Ever heard of European Union General Data Protection Regulation (EU GDPR)? It may be quite the mouthful, but it’s one that will soon be rolling off the tongue – because you have less than two years to ensure you’re compliant with it.
Wait… what is EU GDPR?
In short, GDPR is regulation being introduced by the EC, European Commission, with the intention of strengthening data protection in relation to people who are part of the European Union while also addressing the export of data outside the EU. When it is introduced, it will take the place of the existing data protection directive of 1995.
This new regulation was officially adopted on April 27, 2016 with a two-year transition period. It will officially enter into application on May 25, 2018.
So what does EU GDPR change?
EU GDPR includes a host of changes to existing regulation. The main changes are:
The legislation insists that valid consent must be collected and that it must be explicit. In the case of children under the age of 13, consent must be given by a parent or valid custodian.
Data Protection Officer
When processing is carried out by a public authority, or in private sector situations where regular monitoring of data subjects is necessary, a person with expert knowledge should be in place to process the regulation. This data protection officer is different from a compliance officer in that they would also need to be proficient in the handling of data security, such as dealing with potential cyber attacks; be able to address critical continuity issues; and manage IT processes.
It would be necessary for the data protection officer to inform a supervisory authority immediately if a data breach takes place with individuals also needing to be notified if there was a risk of an adverse impact.
Notice requirements have been expanded and now include retention time for contact information and personal data. Some of the features include article 22, which outlines that profiling must be contestable with citizens having the right to question decisions that affect them; while article 25 insists that data protection automatically be part of services and products.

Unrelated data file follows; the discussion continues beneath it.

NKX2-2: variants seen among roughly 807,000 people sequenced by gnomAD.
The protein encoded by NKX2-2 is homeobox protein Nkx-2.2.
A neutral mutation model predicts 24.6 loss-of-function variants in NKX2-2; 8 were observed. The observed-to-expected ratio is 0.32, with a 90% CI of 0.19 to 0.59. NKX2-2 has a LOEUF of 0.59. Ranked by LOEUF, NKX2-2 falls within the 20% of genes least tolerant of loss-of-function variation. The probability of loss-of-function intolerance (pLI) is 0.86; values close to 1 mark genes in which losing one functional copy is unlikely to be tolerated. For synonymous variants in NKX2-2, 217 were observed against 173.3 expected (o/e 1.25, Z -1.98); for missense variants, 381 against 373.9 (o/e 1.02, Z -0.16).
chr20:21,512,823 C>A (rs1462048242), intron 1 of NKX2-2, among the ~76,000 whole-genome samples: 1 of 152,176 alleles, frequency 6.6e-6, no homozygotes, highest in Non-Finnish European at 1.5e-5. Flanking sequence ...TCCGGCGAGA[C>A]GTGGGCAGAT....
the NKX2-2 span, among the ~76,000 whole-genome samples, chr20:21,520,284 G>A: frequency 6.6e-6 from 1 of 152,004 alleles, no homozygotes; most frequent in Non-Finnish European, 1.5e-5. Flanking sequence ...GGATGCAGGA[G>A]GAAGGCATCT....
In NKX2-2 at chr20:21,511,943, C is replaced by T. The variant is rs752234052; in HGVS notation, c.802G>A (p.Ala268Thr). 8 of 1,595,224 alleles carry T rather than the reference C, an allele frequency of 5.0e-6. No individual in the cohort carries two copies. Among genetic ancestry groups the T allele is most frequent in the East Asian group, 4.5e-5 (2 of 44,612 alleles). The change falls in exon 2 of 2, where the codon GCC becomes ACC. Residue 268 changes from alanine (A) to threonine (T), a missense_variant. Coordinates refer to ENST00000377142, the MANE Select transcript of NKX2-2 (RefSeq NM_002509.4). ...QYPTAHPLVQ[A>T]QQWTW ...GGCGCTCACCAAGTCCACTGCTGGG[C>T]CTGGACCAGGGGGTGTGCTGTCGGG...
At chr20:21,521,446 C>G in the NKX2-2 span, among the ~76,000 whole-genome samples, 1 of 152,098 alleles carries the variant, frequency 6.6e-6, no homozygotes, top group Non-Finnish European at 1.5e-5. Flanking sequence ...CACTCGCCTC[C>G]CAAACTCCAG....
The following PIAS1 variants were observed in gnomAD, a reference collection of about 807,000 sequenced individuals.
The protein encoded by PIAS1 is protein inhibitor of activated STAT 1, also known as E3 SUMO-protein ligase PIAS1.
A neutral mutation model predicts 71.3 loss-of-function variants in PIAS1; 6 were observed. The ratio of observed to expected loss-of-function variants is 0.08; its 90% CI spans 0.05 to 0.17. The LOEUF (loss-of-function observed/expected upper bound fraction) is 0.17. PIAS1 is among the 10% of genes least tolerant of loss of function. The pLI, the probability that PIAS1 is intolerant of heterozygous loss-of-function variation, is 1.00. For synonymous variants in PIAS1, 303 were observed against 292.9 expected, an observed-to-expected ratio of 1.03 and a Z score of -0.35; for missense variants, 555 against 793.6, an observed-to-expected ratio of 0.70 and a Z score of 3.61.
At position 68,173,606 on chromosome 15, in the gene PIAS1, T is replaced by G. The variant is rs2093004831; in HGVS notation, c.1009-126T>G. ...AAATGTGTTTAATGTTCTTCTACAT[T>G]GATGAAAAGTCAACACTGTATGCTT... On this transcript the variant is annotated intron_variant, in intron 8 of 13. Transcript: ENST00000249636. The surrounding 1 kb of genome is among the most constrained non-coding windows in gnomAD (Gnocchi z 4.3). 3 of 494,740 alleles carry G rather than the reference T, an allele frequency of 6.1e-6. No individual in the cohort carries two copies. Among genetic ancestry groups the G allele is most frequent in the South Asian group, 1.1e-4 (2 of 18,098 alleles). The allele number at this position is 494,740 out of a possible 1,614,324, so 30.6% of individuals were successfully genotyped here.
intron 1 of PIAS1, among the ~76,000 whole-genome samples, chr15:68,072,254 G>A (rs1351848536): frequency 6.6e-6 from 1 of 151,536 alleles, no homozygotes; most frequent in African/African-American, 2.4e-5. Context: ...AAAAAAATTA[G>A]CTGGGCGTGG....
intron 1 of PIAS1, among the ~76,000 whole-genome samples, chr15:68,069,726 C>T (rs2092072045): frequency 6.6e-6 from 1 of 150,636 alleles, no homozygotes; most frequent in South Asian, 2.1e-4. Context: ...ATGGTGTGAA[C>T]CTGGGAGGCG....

All of the regulation takes effect if the organisation or the person him/herself is based within the EU but, unlike existing regulation, will also apply to organisations based beyond the EU’s borders if they are processing any data relating to EU residents. Personal information can include anything from names to email addresses, photos, bank details, medical information, social networks and more.
Single set of rules
There will now be a single set of rules throughout the member states of the European Union rather than different rules in different areas. Each state will establish an independent supervisory authority that will be responsible for investigating complaints and sanctioning offences. If a business has several establishments across the EU then it will need to have a single “lead authority” based on the place where the bulk of its processing activities take place – this will then supervise all processing activities throughout the area.
What happens if you don’t comply?
There are, of course, consequences for those who fail to comply with EU GDPR. The first step would be a warning in writing; following by regular audits; fines potentially as high as two per cent of annual worldwide turnover or 10,000,000 euros in the case of an enterprise; and a fine of up to 20,000,000 euros or up to four per cent of worldwide annual turnover in other cases.
Hold on… what about Brexit?
If you’re thinking that these rules needn’t apply to you because the likelihood is that the UK will exit the European Union by exercising Article 50 following the Brexit vote before May 2018, then think again.
The UK is widely predicted to exercise Article 50 “at some point” during 2017. At that point, a two-year process to complete an exit from the European Union would begin – taking until well into 2019. As such, the EU GDPR rules will certainly apply upon their enforcement in May 2018 – and possibly much longer if the UK decides to retain these rules as part of its exit negotiations. Preparations for EU GDPR can’t wait – meeting the budgetary and governance implications will take time and there is no guarantee that they will be diminished even when the exit is complete.
What impact will this have on companies?
Speaking to The Register, Gavin Siggers, of data storage firm Iron Mountain, outlined that companies will struggle to keep up with the new legislation outlining the obstacles of “knowing what data they hold, why they hold it, where it’s kept and how long it should be kept for.” However, he does believe that over time it should help to reduce risk exposure.
Companies now have an obligation to protect personal information no matter how it is processed. This will mean a complete re-examination of the way they store data – including focusing on any cloud apps that may be used across an organisation. With GDPR there are specific provisions for unstructured data and organisations will need to manage how their employees interact with the cloud to ensure they remain compliant. In addition, companies must look beyond simple data residence and consider the paths data travels.
What’s clear is that there is no time like the present. There is no excuse to wait for the implication of Article 50 – EU GDPR will affect businesses even if only for a short period, by which time so much money and time will have been spent on the transition that it only makes sense to maintain its structure. As such, it is vital companies take measures now to complete what will be a difficult and comprehensive transition.